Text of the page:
As human population and living standards increase, human activities place unprecedented stress on natural freshwater ecosystems with global climate change. Microbiological and chemical contaminants in our water create challenges to protect the ecosystem and public health. NRRI’s Environmental Microbiology and Biotechnology research program has been studying sources, fate, and transformations of contaminants in natural (e.g. lakes, streams, and wetlands) and built (e.g. sewer and treatment facility, landfills and stormwater systems) environments. The understanding guides the development and enhancement of biological treatment processes for pollution prevention, pollution control, and process design of water/wastewater treatment operations. To find research solutions, the program has used an integrated approach of microbial ecology, environmental genomics and water quality engineering in collaboration and partnership with public agencies, tribal groups, citizens, and industries.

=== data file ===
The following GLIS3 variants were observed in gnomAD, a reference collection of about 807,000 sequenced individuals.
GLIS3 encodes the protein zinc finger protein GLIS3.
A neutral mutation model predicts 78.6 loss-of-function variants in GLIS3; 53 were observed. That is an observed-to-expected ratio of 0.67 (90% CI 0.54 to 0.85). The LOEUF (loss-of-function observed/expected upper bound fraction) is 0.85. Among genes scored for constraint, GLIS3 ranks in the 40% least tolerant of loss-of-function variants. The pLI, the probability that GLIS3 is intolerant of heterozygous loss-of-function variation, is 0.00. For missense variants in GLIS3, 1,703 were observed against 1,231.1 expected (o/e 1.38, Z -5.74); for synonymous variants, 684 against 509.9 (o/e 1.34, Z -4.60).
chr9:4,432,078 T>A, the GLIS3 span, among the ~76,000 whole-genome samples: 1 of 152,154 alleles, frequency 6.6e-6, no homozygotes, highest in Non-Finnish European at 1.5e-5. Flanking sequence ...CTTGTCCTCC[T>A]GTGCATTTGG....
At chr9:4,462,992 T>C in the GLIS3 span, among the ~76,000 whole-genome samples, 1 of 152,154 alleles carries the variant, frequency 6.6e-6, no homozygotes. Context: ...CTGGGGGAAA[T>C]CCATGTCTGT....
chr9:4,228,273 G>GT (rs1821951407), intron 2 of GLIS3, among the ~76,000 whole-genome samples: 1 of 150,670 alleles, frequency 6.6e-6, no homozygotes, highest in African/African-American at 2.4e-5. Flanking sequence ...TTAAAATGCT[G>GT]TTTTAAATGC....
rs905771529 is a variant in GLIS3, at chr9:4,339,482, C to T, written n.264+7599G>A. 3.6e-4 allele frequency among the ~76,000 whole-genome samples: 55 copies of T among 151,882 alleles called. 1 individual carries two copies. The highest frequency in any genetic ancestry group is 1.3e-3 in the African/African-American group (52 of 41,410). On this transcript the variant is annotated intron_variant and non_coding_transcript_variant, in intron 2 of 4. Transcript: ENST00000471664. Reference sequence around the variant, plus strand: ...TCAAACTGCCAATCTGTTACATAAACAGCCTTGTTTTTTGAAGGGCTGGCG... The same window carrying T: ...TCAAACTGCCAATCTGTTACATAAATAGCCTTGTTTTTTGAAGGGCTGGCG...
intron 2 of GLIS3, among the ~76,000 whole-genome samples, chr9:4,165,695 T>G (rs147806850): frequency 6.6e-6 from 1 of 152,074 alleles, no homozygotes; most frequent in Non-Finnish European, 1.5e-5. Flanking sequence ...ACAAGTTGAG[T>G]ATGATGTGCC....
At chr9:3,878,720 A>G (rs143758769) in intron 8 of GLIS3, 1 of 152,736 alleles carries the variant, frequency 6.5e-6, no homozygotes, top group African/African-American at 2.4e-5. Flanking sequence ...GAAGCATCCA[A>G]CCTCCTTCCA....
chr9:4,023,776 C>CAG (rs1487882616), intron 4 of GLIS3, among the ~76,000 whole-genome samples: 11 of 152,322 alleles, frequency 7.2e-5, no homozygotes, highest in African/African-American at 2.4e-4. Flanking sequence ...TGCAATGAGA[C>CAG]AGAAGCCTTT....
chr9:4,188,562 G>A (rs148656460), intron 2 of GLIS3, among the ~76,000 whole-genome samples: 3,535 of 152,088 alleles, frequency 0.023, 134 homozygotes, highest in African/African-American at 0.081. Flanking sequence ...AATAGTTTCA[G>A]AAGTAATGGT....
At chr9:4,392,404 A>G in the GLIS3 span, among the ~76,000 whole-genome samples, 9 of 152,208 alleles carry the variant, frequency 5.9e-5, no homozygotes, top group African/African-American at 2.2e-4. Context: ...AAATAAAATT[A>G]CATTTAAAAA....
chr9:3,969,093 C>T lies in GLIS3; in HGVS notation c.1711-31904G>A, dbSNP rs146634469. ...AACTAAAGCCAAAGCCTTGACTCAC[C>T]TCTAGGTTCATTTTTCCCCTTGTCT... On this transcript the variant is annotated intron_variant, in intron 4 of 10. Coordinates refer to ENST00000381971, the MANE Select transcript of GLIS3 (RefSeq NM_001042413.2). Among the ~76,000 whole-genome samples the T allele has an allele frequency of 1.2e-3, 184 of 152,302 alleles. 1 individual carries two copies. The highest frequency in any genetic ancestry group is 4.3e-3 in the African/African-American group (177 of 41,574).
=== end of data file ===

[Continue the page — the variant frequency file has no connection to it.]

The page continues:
Understand chemical and microbial contaminants in the natural and built environment and develop economically sustainable treatment technologies and mitigation strategies.
- Environmental genomic analysis
- Fecal indicator bacteria and waterborne pathogens analysis with microbial source tracking and the State-certified coliform bacteria and E. coil
- Scanning Electron Microscope
- eDNA analysis
Current Research Projects
- Biological sulfate treatment: Electrochemical biofiltration system and membrane-enhanced bioreactor with iron-based sulfide sequestration
- Anaerobic biological nitrogen removal using methane
- Environmental impacts of conventional and alternative deicers and abrasives
- Microbial source tracking and waterborne pathogens for recreational water quality
- Microbial ecology in Manoomin wetlands and freshwater system
- Biogeochemical cycling in the Great Lakes sediment
- eDNA optimization of AIS detection
- Antibiotic resistance in urban sewer system
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